Dick and Jane and Vampires


By Laura Marchesani

Reviewed by Becca Worthington


Recommended for: Anyone old enough to have a sense of irony. Reading level: First grade. Content level: Teen and up.


One Word Summary: Surprising.


Dick and Jane books go back to the 1930s, a series of innocent romps and mini-adventures with pink gingham middle sister Jane, perfectly coiffed big brother Dick, blonde ringlet toddler Sally and their lovable dog Spot. Mother wears an apron and cooks well-balanced meals, Father reads his newspaper, and the milkman never misses a delivery. The children jump rope and take immense delight in seeing Spot

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run. It’s all very delightfully Pleasantville. Best of all, the books are wonderfully designed as educational tools for early readers, full of repeated, monosyllabic words in short, simple sentences.


As a child in the 80s, I grew up learning to read with Fun with Dick and Jane, which was undoubtedly a nostalgia trip for my mother next to me, coaxing me through the syllables, who grew up reading the books herself in the 50s. Given the current literary obsession with mash-up novels like Pride and Prejudice and Zombies, I suppose it shouldn’t come as a shock that this classic children’s Learn-to-Read series should reinvent itself with the sassy new addition Dick and Jane and Vampires. But having read it, I still couldn’t be more shocked.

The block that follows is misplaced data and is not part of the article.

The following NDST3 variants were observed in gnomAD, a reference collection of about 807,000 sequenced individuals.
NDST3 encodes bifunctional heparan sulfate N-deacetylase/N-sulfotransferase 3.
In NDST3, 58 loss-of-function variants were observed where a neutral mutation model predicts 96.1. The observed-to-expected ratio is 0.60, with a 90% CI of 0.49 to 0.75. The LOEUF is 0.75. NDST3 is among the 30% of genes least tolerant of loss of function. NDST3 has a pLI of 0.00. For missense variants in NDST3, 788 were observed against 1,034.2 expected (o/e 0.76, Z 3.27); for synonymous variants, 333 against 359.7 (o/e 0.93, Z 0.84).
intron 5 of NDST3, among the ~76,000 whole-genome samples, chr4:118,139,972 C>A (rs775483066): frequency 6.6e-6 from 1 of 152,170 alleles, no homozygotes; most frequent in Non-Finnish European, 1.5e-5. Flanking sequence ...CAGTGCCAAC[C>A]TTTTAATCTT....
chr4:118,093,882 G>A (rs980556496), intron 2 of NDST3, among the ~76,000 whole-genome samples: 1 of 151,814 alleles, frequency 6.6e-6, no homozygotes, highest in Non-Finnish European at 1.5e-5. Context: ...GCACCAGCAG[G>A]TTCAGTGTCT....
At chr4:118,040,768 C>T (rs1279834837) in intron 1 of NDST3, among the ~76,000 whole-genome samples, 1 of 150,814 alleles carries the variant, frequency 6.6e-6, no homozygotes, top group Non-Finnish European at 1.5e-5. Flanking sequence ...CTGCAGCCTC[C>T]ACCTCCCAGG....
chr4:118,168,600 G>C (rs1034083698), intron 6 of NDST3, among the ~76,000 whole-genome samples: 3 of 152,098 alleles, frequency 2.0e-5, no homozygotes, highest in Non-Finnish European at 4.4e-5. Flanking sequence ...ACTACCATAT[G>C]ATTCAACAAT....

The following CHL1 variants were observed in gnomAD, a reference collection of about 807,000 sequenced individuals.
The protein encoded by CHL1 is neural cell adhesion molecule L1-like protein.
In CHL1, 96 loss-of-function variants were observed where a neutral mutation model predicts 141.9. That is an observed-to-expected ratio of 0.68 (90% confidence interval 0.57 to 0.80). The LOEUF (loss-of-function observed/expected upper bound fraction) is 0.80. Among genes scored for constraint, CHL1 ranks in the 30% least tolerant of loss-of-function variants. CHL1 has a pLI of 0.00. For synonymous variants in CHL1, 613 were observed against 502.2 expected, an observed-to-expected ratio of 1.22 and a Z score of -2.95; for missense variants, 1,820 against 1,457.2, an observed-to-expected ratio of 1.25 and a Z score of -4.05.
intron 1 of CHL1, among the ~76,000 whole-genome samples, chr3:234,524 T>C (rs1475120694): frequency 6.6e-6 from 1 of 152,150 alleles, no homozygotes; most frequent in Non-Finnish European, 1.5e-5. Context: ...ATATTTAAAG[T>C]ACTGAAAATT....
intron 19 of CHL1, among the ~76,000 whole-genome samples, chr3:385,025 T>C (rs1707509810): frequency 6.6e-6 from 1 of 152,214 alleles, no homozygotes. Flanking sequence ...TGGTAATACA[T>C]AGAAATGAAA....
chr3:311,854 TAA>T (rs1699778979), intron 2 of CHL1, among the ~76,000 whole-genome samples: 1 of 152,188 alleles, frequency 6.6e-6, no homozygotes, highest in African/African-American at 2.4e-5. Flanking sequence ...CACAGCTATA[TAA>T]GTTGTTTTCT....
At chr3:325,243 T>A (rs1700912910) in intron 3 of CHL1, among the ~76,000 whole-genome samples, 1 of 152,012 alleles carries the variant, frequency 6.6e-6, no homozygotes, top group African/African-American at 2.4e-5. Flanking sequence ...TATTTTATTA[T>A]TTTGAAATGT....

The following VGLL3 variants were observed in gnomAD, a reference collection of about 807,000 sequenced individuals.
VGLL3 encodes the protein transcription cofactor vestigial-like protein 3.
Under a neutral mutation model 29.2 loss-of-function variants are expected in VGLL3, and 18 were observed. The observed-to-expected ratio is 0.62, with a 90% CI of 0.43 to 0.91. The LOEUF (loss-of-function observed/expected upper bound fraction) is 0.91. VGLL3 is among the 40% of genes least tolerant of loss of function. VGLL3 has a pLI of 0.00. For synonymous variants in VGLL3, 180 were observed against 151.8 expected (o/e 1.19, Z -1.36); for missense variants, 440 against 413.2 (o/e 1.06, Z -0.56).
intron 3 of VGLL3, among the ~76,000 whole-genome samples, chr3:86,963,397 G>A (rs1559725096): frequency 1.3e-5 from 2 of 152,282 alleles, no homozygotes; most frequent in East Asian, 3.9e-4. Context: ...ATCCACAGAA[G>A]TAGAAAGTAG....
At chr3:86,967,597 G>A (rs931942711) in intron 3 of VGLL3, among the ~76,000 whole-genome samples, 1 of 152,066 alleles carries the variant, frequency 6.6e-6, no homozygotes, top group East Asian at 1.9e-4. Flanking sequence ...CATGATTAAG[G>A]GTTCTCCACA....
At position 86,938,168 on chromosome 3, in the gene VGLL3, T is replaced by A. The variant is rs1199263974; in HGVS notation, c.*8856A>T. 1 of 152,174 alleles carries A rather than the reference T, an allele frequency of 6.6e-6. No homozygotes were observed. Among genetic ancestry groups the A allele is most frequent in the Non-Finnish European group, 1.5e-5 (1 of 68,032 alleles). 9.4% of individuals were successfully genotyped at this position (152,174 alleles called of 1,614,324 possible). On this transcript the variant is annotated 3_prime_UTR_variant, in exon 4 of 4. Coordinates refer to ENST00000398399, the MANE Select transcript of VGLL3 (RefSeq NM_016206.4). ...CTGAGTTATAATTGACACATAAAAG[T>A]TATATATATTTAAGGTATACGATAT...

The element that is most startling (which both makes the book work like a charm and makes it impossible to pick an audience for) is its absolute authenticity to the originals, down to the dimpled illustrations. The siblings sit down for an afternoon of arts and crafts (“See Jane make something red. See Dick make something blue.”)… but a mysterious bat flies in the window

and destroys their artwork. They play Hide and Seek (“Look and see. Where is Sally? Look, Jane, look. Look, Dick, look.”)… but there is a vampire hiding under the bed when they lift the ruffled divan. The mailman comes, as always, with bottles of milk for the whole family… and one special glass bottle for Vampire filled with red liquid.


I had an absolutely wonderful time reading this. I laughed out loud. I plan on buying extra copies and giving them to all my friends for Christmas. When it was sticking out of my purse on the subway, the hipster next to me started laughing and asked if he could see it, and I could hardly pry it out of his hands at my stop. It has undeniable ironic appeal and is a fantastically creative gift book. But although the reading level is definitely on par with Grade One, when I took it home to read it aloud with my siblings and parents, my sister’s11-year-old came in to see what we were laughing about, and my sister sent her out of the room, deeming the material “inappropriate.” So is this, in fact, a children’s book?


I have no idea whether it would appeal to children, and I am pretty sure that several of the illustrations would terrify the first graders that it is stylistically written for. But it certainly appeals to adults, and if nothing else, Dick and Jane and Vampires is a fun throwback to the days when a children’s book was truly dedicated to the joys of reading. After all, in the end, Vampire does have a great deal of fun with Dick and Jane.

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© Jordan B. Nielsen, 2012